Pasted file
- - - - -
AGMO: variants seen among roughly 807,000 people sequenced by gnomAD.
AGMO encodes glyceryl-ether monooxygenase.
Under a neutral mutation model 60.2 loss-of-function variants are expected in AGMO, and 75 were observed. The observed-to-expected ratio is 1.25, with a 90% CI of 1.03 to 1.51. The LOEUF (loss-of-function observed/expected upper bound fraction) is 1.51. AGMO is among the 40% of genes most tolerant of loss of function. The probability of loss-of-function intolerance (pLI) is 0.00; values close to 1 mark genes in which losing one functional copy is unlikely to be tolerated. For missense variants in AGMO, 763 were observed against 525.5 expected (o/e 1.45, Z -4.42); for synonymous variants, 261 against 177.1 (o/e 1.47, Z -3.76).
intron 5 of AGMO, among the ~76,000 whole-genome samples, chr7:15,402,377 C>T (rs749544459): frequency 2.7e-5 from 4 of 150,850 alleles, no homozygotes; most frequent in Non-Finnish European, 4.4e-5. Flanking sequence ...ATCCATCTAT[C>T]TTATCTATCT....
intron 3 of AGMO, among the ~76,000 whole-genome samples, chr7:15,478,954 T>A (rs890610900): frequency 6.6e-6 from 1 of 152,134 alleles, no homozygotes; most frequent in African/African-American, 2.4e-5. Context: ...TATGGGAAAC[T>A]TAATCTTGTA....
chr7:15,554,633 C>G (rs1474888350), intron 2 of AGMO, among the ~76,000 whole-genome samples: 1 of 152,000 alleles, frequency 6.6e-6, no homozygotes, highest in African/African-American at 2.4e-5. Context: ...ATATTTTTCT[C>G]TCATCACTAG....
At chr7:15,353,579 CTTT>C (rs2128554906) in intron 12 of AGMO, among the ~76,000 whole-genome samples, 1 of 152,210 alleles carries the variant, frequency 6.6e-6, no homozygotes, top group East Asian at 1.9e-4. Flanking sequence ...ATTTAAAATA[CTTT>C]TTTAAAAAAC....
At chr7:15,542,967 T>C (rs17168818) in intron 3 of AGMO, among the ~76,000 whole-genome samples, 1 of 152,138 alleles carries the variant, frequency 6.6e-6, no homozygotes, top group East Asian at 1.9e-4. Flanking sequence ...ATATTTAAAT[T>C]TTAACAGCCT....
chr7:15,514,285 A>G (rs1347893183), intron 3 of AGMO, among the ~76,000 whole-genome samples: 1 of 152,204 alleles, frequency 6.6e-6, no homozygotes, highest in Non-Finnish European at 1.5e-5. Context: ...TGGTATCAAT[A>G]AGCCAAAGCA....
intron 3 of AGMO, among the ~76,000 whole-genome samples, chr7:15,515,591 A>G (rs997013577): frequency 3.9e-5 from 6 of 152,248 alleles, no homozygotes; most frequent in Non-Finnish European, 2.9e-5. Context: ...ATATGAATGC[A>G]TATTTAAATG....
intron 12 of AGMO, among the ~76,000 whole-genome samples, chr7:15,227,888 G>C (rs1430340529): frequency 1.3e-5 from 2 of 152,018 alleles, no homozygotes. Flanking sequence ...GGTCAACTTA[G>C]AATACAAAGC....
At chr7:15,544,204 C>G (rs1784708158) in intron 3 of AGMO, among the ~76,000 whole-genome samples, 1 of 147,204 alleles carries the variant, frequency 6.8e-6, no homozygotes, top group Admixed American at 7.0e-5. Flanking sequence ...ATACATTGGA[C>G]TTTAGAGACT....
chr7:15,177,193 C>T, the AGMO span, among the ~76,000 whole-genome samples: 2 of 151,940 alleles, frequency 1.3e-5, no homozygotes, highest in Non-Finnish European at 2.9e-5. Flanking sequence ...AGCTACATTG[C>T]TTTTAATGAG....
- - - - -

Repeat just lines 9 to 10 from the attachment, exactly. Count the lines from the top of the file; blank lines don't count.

chr7:15,514,285 A>G (rs1347893183), intron 3 of AGMO, among the ~76,000 whole-genome samples: 1 of 152,204 alleles, frequency 6.6e-6, no homozygotes, highest in Non-Finnish European at 1.5e-5. Context: ...TGGTATCAAT[A>G]AGCCAAAGCA....
intron 3 of AGMO, among the ~76,000 whole-genome samples, chr7:15,515,591 A>G (rs997013577): frequency 3.9e-5 from 6 of 152,248 alleles, no homozygotes; most frequent in Non-Finnish European, 2.9e-5. Context: ...ATATGAATGC[A>G]TATTTAAATG....